Washington Does Less to Lose Than Chicago, Beats Bears 17-14

Washington Redskins cornerback DeAngelo Hall celebrates after intercepting a pass intended for Chicago Bears wide receiver Johnny Knox during the fourth quarter at Soldier Field in Chicago on October 24, 2010. The Redskins won 17-14.   UPI/Brian Kersey Photo via Newscom

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Every win is a good win, even the ugly ones. The Washington Redskins 17-14, um, beat-down of the Chicago Bears is as butt-ugly good as any win we’ll see this season. The worst that can be said is that neither team played well enough to win a playoff game.

Lets save those thoughts for another post.

The thinking around here is that the defense is the stronger part of the team and that the defense would carry the offense until McNabb and company jells. Thus, Washington’s last placed defense through six games is asked to cover for a top-ten offense.

If you are a regular reader of Redskins Hog Heaven, you know that last place defense doesn’t mean the worst defense. The NFL ranks teams by yards. Yardage doesn’t tell you enough about a team.

The Redskins had the 10th best defense in yards last season, yet they were hardly the 10th best defense. Washington snagged 11 interceptions in 16 games, scored no defensive points, and finished with 12 losses in 2009.

This year, the ‘Skins have eight interceptions in seven games, five by DeAngelo Hall, four of those Sunday against the Bears. Washington has scored defensive touchdowns on an interception return and a fumble recovery, both by Hall.

So stop the hand wringing about last place in yardage and bask in the disruption of opponent’s scoring drives. With that, I tip my hat to Hall. At last, his performance is worth the money.

Concerns about Washington’s offensive line make us look oh so provincial. (Yeah, that includes me.) We have our issues, but I’ll take our O-line over the Bears’ or Eagles’ line any day.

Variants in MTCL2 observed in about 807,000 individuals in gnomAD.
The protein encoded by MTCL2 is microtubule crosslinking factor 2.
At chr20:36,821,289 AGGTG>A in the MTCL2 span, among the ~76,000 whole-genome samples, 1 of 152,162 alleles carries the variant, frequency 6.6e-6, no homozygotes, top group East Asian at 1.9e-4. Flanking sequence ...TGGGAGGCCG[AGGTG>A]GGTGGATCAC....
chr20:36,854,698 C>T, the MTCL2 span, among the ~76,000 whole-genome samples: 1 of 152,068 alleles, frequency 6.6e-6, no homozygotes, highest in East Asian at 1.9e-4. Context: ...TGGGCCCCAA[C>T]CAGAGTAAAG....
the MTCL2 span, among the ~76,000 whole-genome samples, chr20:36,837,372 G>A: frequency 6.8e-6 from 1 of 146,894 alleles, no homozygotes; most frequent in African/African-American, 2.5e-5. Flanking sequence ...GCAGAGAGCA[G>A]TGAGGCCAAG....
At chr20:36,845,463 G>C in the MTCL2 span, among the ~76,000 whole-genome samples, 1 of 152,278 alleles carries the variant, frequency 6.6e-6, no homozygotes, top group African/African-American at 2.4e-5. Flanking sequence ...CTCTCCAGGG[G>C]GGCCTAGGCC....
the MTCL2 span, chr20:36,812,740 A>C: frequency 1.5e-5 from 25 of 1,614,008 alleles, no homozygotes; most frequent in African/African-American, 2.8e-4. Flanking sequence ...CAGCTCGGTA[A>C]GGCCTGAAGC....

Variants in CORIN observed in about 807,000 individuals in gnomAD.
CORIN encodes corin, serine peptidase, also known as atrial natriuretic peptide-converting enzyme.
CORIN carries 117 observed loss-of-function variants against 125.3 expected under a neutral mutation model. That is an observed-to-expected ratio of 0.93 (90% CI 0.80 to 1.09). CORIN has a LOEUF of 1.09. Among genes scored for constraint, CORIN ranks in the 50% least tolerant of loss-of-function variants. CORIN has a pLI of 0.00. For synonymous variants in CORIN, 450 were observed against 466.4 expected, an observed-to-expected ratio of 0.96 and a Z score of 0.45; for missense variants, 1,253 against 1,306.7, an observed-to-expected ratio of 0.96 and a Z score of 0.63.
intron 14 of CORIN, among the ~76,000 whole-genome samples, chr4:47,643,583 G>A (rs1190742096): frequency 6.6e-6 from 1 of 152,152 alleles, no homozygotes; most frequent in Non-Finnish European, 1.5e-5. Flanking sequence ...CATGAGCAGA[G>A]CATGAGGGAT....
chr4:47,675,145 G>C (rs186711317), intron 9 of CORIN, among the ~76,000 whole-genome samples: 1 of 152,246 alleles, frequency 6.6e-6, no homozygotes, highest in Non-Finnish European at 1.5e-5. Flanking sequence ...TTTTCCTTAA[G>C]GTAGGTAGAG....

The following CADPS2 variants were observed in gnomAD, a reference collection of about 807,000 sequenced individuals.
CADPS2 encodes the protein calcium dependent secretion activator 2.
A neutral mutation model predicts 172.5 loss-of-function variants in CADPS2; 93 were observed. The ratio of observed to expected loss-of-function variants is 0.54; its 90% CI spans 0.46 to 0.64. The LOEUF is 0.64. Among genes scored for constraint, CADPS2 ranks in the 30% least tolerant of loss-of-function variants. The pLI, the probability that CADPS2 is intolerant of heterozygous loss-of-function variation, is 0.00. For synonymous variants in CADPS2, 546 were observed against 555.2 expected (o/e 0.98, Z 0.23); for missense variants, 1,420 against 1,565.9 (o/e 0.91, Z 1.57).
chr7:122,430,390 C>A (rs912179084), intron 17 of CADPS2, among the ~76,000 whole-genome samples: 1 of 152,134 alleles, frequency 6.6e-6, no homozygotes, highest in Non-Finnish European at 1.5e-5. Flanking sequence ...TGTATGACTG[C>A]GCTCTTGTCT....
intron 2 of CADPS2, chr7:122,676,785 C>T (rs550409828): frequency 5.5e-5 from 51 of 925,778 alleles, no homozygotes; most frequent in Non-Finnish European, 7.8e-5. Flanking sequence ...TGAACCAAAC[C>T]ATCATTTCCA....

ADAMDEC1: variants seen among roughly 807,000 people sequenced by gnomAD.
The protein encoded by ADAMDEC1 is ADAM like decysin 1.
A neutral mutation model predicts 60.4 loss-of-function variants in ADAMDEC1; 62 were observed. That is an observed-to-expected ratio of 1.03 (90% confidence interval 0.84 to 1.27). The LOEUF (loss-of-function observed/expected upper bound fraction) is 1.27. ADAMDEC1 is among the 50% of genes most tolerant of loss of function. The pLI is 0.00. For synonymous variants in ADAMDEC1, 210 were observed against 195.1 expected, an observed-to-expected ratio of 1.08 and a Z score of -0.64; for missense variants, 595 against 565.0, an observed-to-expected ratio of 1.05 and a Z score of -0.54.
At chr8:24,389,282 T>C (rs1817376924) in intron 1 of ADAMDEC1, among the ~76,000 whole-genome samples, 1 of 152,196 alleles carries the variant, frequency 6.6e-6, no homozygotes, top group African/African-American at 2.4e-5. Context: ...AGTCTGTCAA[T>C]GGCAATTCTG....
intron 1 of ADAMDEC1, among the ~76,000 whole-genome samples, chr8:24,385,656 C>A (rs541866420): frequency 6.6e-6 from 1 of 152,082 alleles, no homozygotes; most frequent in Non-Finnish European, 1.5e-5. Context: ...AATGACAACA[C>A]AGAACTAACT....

The world is a circle and life repeats

Much was made of Donovan McNabb’s return to his Chicago roots Sunday. Some referenced Mike Shanahan’s former association with Bears’ quarterback Jay Cutler when both were with the Denver Broncos, big losers on Sunday to Jason Campbell and the Oakland Raiders.

It was Cutler’s hissy-fit upon Shanahan’s departure that led to Snyderrato’s unseemly efforts to trade multiple draft picks to Denver for Cutler to replace Campbell. Denver used Washington’s offer to extort Kyle Orton and multiple draft picks from Chicago who turned to Orton after dumping Rex Grossman who is now Washington’s back-up quarterback.

Cutler’s experience in Chicago is less than he hoped. He surely wishes to be reunited with Shanahan in Washington in preference to Mike Martz’ offense in Chicago.

What if the Bears dumped Lovie Smith and offered Shanahan the chance to return to his Chicago roots (Franklin Park, Illinois) to coach?

After that 59-14 beat-down by the Raiders, Broncos owner Pat Bowlen might be second-guessing his decision to replace old school Shanahan with the fresh new thinking of Josh McDaniels.

Jason Campbell is struggling in Oakland, but he is 2-0 against McDaniels who coldly rejected him as Cutler’s replacement. Oakland’s point-a-minute offense was more the result of Darren McFadden’s four touchdowns and 196 yards of total offense than Campbell, but Jason finished the day with a substantially better QB rating (127.9) than Orton, Cutler or McNabb.

It’s a small world and a round one.

 

Anthony Brown

About Anthony Brown

Lifelong Redskins fan and blogger about football and life since 2004. Joined MVN's Hog Heaven blog in 2005 and then moved Redskins Hog Heaven to Bolguin Network. Believes that the course of a season is pre-ordained by management decisions made during the offseason. Can occasionally be found on the This Given Sunday blog and he does guest posts.

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